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RE: building an object model of a XML schema
- From: Jeff Lowery <firstname.lastname@example.org>
- To: "'Thomas B. Passin '" <email@example.com>,"'firstname.lastname@example.org '" <email@example.com>
- Date: Sun, 15 Jul 2001 12:31:03 -0700
Tom Passin inflames:
> What, you know how to specify an "optimal" physical model?? I always
> thought there wasn't any such thing in the abstract, that it was always
> relative to some context or requirement. Code size, speed, database
> etc., etc.
I always seem to get into trouble when I use the word "optimal" in a
sentence. So let's leave it at "storage representation definition". This
would include "types" that have commonly understood properties and
behaviors. Of of the top of my graying pate, I would include arrays, sets,
hash maps, dictionaries, trees (various varieties). Can one identify enough
of these to make useful suggestions for efficient object representations of
hierarchical data models? Does the average OO (or possible other)
programming language have implementations of these 'ready-made'? Java and
C++ do, at least.
If the answer is that a data model, such as one defined by an XML Schema,
can only be efficiently mapped to program code by craftsman who customize
each and every application based on such a data model, then somethings wrong
somewhere. On the other hand, if such efficiencies can be identified up
front (such as through a JAXB binding schema, for example) so that code can
automatically be generated to encapsulate them (or at least 80% of them), I
think we've eliminated some programming jobs at the gain of economic
Now, there's the BIG PICTURE guys who say "We can do all that and a bag of
chips." Use a big modelling methodology that encapulates every model,
method, class, datatype, syncronization protocol, etc., etc., etc., -- and
you will, at the push of the button, have a complete system up and running
in not time. Well, I've worked on teams that foisted those kind of tools on
developers, too, and our reach exceeded our grasp (and I don't see anybody
else doing a whole lot better, at least in my narrow neck of the woods).
This is not a new problem. Database application developers have had to tease
data out of the relational bottle and stuff it back in again for the benefit
of object-heads who loathe and fear SQL (rightfully so, IMO, but I'm
mercenary enough to cope with it).
Now we have a data representation, called XML, and a nifty (and I do mean
nifty) schema language for enforcing constraints on that representation to a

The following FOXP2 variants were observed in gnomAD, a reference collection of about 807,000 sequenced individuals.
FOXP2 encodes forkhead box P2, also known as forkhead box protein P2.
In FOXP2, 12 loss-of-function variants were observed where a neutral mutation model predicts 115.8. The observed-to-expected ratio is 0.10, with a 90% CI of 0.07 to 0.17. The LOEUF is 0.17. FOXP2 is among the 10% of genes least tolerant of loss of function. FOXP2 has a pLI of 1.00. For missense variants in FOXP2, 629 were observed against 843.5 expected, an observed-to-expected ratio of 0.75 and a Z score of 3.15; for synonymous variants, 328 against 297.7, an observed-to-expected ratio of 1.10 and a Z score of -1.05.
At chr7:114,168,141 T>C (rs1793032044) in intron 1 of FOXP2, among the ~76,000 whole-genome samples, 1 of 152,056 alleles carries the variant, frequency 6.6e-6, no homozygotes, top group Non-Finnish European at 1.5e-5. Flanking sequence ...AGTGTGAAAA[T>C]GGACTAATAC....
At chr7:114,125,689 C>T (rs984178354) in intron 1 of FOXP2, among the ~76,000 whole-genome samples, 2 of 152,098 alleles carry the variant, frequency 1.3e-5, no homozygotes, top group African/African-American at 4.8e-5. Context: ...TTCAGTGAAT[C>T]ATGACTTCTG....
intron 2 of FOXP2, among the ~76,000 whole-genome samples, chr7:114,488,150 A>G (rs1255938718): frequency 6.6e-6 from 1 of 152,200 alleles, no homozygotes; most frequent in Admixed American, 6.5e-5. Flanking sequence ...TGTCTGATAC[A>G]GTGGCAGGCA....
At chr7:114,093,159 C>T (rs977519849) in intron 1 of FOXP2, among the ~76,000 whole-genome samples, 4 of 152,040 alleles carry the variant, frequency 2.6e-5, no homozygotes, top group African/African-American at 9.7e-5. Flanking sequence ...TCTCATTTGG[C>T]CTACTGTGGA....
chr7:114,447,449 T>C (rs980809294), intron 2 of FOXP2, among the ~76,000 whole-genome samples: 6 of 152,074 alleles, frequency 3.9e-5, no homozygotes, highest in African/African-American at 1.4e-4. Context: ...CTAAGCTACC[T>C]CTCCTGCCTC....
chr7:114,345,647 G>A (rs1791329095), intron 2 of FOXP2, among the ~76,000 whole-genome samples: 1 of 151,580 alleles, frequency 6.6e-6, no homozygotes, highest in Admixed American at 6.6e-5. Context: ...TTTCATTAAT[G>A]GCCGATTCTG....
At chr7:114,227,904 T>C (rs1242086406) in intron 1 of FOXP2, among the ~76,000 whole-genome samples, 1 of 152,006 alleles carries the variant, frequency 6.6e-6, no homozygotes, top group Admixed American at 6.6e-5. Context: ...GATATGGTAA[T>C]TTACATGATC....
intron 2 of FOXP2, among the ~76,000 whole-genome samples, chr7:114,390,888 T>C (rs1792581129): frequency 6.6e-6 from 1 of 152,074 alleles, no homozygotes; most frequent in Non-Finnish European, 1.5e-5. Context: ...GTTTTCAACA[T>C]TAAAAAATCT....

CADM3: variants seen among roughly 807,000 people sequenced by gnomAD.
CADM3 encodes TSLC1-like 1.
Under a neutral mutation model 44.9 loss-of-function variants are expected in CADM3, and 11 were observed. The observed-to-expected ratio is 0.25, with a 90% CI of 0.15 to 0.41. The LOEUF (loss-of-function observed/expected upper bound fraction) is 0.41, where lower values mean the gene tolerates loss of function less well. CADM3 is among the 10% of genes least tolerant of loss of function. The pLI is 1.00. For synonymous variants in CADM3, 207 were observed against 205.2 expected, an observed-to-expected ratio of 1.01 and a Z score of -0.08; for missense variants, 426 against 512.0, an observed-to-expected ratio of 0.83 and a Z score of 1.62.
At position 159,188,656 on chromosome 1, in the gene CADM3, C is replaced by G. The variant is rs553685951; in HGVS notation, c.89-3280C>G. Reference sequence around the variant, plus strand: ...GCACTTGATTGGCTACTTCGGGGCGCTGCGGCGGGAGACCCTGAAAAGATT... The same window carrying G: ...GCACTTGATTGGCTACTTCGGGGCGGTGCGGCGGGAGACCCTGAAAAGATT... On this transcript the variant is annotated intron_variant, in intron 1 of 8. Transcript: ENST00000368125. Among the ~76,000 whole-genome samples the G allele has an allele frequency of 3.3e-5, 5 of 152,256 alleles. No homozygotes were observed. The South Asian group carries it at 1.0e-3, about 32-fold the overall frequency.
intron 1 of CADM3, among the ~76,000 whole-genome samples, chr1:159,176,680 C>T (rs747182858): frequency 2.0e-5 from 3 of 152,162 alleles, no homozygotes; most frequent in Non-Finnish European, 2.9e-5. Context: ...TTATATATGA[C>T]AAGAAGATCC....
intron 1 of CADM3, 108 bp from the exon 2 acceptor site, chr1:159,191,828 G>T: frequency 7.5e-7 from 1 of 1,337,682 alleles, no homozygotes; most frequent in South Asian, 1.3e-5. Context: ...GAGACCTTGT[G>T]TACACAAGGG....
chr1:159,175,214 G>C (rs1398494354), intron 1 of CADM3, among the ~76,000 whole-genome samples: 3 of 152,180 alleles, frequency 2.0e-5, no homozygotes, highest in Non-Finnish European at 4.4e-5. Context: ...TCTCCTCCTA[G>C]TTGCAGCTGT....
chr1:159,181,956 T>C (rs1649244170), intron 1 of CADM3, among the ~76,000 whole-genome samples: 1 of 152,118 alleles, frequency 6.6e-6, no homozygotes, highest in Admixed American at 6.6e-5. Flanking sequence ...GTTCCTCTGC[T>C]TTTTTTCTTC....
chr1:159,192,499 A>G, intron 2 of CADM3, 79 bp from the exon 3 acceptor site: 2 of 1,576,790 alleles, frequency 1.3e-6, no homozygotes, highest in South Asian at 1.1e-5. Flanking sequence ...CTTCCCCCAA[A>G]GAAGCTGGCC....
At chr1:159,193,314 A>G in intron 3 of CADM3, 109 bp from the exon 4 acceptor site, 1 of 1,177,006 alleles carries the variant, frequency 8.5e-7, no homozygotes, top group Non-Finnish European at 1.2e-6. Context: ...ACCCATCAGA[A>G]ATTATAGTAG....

'T'. And without too much imagination, you see that XML Schema types match
pretty darn well most of the time to class types, and that XML containment
structure matches pretty darn well to hierarchies of objects. And you start
to wonder, as many have, if one can be generated from the other. The natural
path for XML Schema seems to be to generate the class definitions, rather
than the other way around, because the type constraints are very detailed
yet limited in the ways to express them.
So I look around and see if I'm nuts or something for thinking this, lo and
behold, I have company. There's JAXB, Exolab, Castor, and various other
iconoclasts actually doing the work I'm only idly thinking about (as usual).
But there's a problem. The class definitions generated are not always
efficient. I think it was David Cleary who's been skeptical of this idea
from the get go. I thought he was being a pessimist, but it looks like he
So you have to add some more information. If you have to add too much
information, then your costs outweigh the benefits and we're back to
hand-coding glue between XML and JAVA or C++. That reeks.
Moreover, it seems a shame, since I know, buried within every class
hierarchy, is a data model. How do I know this? Becuase I can persist the
state of any object in a database or in XML. But I have yet to see a
language that allows declarative constraints to be defined (someone will
show me one, I know) for data members such that, for example, I don't have
to do cardinality checking operationally in every mutator method. Of course,
the other advantage is that data model would now be separable (loosely
coupled) from the methods that operate upon it, yet most constraints would
be preserved should another set of methods get bound to it. But that's
preaching to the choir.
There seems to be more ranting than articulating going on in this message,
so I guess I'll stop now that I'm out of breath. Maybe I could be another
Fabian? Another Fabio, at least.
Oh, wait, there's more:
> I'm guessing that you mean "optimal" given some particular context or
> of data model. In my view, a proper conceptual data model is really in
> problem domain, and so is orthogonal to consideration of software design
> optimization. Do you see it differently?
I would agree with the orthogonality arguement for the general class of
programming languages, but not OO/XML mappings. I think there's to much
similarity there to be politely ignored.